At a meeting with a group of state attorneys general in Washington, DC, earlier this week, Consumer Financial Protection Bureau (CFPB or Bureau) Director Kathy Kraninger expressed her strong desire to provide more consistent interpretation of statutes and rules enforced by the Bureau and to further work with state counterparts to make that consistency even broader.
Such collaboration with state enforcement officials will be important to allow key efforts by the CFPB’s Office of Innovation to succeed. For example, the Bureau’s system of statutory/regulatory relief for fintech startups, known as the “regulatory sandbox,” is limited in its practical import to the extent that state enforcement officials do not provide similar relief. Similarly, the meaningfulness of the CFPB’s commitment to issue no-action letters to industry participants that are deploying innovative financial products and services is bolstered where states respect the substance of those letters.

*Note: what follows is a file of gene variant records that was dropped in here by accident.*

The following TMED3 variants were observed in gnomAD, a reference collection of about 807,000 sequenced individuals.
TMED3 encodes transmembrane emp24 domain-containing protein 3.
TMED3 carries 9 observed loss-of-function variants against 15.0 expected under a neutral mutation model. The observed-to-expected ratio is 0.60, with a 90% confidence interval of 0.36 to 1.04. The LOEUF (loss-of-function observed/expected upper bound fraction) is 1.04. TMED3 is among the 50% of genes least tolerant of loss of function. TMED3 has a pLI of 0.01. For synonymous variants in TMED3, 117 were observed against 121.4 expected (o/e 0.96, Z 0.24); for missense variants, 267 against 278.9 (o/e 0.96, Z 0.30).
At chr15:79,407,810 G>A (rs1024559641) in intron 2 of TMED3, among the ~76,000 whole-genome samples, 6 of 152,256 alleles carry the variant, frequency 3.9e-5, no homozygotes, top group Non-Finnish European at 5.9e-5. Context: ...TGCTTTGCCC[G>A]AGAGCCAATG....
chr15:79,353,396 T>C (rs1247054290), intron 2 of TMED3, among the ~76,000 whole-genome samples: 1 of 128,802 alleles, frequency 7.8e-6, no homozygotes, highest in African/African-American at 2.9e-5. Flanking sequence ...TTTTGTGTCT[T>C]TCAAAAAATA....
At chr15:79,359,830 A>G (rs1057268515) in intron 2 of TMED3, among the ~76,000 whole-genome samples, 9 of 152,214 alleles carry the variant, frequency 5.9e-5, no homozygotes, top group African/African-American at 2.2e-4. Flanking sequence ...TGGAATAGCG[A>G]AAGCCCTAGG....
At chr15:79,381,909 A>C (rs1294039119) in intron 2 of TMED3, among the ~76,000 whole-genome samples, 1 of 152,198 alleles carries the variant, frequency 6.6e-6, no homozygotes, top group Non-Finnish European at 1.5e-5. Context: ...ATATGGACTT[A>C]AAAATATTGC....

While this effort would provide important regulatory relief for the fintech community at the federal level, recent efforts in California, New York, and Pennsylvania to establish state law CFPB equivalents suggest that in some states, this effort will run into substantial headwinds when it comes down to the specifics of any federal relief granted.
In short, banks and nonbank financial institutions should carefully evaluate how innovative programs can be developed in a way that leads to federal regulatory relief, but also doesn’t run afoul of state regulatory authorities looking to ramp up their enforcement and compliance activities.